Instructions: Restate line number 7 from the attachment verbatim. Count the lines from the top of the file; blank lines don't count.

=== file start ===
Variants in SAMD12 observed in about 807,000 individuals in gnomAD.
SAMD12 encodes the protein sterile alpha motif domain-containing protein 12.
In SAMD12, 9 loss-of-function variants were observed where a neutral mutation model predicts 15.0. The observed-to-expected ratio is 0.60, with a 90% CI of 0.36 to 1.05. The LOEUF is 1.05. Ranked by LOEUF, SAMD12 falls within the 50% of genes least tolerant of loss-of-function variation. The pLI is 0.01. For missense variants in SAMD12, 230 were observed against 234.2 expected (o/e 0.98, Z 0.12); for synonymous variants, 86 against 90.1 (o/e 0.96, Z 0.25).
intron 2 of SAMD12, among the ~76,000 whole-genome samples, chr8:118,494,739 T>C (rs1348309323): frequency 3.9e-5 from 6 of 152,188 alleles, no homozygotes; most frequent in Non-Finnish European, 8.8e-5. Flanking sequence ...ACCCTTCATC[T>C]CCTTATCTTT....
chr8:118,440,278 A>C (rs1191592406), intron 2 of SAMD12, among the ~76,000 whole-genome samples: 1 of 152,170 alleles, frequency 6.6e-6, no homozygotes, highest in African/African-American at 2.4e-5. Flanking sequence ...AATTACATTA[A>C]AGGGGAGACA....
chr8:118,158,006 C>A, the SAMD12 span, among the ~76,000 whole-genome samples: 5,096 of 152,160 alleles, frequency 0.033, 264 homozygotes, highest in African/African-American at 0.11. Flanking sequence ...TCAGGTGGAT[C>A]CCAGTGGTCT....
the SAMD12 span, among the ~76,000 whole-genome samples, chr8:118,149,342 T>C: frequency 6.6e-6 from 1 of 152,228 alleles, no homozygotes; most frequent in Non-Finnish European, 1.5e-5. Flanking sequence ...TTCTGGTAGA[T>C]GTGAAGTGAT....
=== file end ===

the SAMD12 span, among the ~76,000 whole-genome samples, chr8:118,149,342 T>C: frequency 6.6e-6 from 1 of 152,228 alleles, no homozygotes; most frequent in Non-Finnish European, 1.5e-5. Flanking sequence ...TTCTGGTAGA[T>C]GTGAAGTGAT....